4. Basic Instinct 2 (2006)

Basic Instinct 2

Basic Instinct 2 is one of the biggest box office flops of all time. It finished it's theatrical run just shy of $6 million, at a reported budget of $70 million. Even it's takings worldwide couldn't push it into profitability. It stalled at $38 million.

Why? Well, it could be because (and we've been banging this drum all article), it was simply too long after the first film for any audience to care. 14 years is a long, long time, especially in Hollywood.

By the time this one crawled out of development hell, star Sharon Stone was pushing 50 and Michael Douglas declined to reprise his role. In hindsight, that was a good choice by him. His replacement, the charisma vacuum that is David Morrissey, is not exactly leading man material. He was unable to carry the movie, which critics lampooned, and Stone came across as desperate to recapture her youthful glories on screen.

3. Hannibal Rising (2007)

If you were to ask most people what Hannibal Lecter movies they remember, they're likely to say The Silence Of The Lambs and maybe the self-titled Hannibal. They may even say Red Dragon. Some may then wax lyrical to you about the amazingly brutal and haunting TV series starring Mads Mikkelsen and Hugh Dancy that ran for 3 seasons on NBC. Keen Lecter fans may even mention Manhunter, the first Lecter movie from 1986 that starred Brian Cox, not Anthony Hopkins.

However, we'd wager that not too many would bring up the regrettable Hannibal Rising. It's an incredibly forgettable movie.

It was a misguided attempt to give Lecter an origin story that makes him seem like some sort of avenging vigilante with weird issues with his aunt, Lady Murasaki. We're not making this up, even if it sounds that way. It's a bizarre way to show how our favorite cannibalistic serial killer with a razor sharp mind came to be.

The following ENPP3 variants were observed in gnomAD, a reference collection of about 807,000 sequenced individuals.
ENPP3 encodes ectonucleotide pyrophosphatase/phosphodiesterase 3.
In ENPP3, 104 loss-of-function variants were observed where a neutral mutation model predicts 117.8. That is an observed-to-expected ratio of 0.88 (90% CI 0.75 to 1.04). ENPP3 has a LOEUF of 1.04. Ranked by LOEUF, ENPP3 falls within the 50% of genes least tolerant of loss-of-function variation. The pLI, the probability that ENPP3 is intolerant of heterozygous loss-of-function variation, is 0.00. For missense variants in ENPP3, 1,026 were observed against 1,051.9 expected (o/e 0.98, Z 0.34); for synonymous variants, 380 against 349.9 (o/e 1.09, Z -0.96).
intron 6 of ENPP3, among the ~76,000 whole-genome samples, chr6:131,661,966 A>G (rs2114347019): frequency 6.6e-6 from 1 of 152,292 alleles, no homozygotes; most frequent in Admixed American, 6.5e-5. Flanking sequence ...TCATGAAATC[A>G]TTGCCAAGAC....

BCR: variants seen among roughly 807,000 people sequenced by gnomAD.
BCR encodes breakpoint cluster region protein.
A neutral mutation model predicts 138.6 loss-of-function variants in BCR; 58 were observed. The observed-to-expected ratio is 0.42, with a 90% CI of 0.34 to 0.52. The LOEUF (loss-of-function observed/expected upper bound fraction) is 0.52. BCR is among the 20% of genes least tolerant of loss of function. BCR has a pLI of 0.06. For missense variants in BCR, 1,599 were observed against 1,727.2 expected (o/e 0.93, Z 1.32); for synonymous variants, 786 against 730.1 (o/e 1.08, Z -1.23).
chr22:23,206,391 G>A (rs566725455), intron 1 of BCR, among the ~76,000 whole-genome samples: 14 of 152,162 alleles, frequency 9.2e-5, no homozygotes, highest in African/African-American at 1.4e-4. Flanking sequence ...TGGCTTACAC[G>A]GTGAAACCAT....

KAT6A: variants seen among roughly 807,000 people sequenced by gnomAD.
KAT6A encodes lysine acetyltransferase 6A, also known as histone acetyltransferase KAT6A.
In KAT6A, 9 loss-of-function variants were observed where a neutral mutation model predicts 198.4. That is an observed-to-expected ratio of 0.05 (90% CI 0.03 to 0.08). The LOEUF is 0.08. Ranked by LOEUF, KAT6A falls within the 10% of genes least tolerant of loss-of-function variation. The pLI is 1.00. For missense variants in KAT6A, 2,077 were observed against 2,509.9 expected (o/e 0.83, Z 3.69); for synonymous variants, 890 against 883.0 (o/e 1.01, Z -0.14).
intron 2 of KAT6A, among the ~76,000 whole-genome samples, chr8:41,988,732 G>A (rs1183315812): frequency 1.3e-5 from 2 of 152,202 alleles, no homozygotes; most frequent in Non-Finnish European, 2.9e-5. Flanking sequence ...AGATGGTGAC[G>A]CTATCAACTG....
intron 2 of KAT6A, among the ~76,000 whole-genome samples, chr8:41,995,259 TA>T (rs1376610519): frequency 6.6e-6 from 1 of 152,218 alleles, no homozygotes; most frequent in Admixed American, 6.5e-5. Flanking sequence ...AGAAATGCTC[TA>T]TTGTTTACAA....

2. Blues Brothers 2000 (1998)

Blues Brothers 2000 was released 18 years after it's beloved predecessor, which came out in 1980. Which means, if our math is correct, Blues Brothers 2000 came out in...1998. Not 2000.

Weird. But want to hear something weirder?

This sequel, which tanked at the box office and left fans of the cult original dismayed, had a Nintendo 64 videogame based on it! The game, however, suffered from major delays in development, which meant that it only saw it's release...

...in the year 2000.

This delay at least made the title of the game make sense. But it went down about as well as the movie itself, a few years earlier. That is to say, not well at all.

1. Son Of The Mask (2005)

Son of the Mask

This misbegotten movie checks all the boxes of the most unnecessary of sequels.

No stars from the original, much more popular and critically acclaimed, film? Check.

Different director and writer? Another check.

Extensive gap (11 years) between the release dates of both films, thereby ensuring audience interest is suitably low? You better believe that's a check.

Worldwide box office ($84 million) returning a small fraction of the original ($351 million)? Check again!

Effectively killed off a once-promising franchise? Check. Mate.


There are many, many more unnecessary sequels out there, people. What ones have we left off the list? And do you disagree with any of our choices? Let us know!